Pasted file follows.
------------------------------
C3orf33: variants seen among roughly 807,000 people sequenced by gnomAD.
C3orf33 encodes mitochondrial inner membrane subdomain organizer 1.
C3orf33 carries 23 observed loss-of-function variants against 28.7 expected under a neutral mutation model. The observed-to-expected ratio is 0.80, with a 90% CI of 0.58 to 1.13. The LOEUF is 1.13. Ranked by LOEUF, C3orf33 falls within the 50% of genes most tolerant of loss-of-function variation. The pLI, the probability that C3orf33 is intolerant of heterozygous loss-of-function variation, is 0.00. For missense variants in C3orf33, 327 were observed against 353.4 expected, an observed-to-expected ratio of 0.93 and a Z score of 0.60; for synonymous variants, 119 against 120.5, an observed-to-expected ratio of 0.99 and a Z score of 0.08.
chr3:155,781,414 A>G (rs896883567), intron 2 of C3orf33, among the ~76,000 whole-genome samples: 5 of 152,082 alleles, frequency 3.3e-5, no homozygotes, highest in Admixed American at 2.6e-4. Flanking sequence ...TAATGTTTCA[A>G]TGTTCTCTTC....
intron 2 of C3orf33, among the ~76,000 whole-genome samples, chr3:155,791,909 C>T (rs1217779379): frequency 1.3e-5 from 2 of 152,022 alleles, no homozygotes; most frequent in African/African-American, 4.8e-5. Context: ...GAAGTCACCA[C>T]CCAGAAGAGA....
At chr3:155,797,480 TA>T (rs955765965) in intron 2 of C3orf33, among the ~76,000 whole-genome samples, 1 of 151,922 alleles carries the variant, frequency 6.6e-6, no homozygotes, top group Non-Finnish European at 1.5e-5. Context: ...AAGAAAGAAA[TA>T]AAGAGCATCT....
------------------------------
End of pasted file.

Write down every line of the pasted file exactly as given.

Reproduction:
C3orf33: variants seen among roughly 807,000 people sequenced by gnomAD.
C3orf33 encodes mitochondrial inner membrane subdomain organizer 1.
C3orf33 carries 23 observed loss-of-function variants against 28.7 expected under a neutral mutation model. The observed-to-expected ratio is 0.80, with a 90% CI of 0.58 to 1.13. The LOEUF is 1.13. Ranked by LOEUF, C3orf33 falls within the 50% of genes most tolerant of loss-of-function variation. The pLI, the probability that C3orf33 is intolerant of heterozygous loss-of-function variation, is 0.00. For missense variants in C3orf33, 327 were observed against 353.4 expected, an observed-to-expected ratio of 0.93 and a Z score of 0.60; for synonymous variants, 119 against 120.5, an observed-to-expected ratio of 0.99 and a Z score of 0.08.
chr3:155,781,414 A>G (rs896883567), intron 2 of C3orf33, among the ~76,000 whole-genome samples: 5 of 152,082 alleles, frequency 3.3e-5, no homozygotes, highest in Admixed American at 2.6e-4. Flanking sequence ...TAATGTTTCA[A>G]TGTTCTCTTC....
intron 2 of C3orf33, among the ~76,000 whole-genome samples, chr3:155,791,909 C>T (rs1217779379): frequency 1.3e-5 from 2 of 152,022 alleles, no homozygotes; most frequent in African/African-American, 4.8e-5. Context: ...GAAGTCACCA[C>T]CCAGAAGAGA....
At chr3:155,797,480 TA>T (rs955765965) in intron 2 of C3orf33, among the ~76,000 whole-genome samples, 1 of 151,922 alleles carries the variant, frequency 6.6e-6, no homozygotes, top group Non-Finnish European at 1.5e-5. Context: ...AAGAAAGAAA[TA>T]AAGAGCATCT....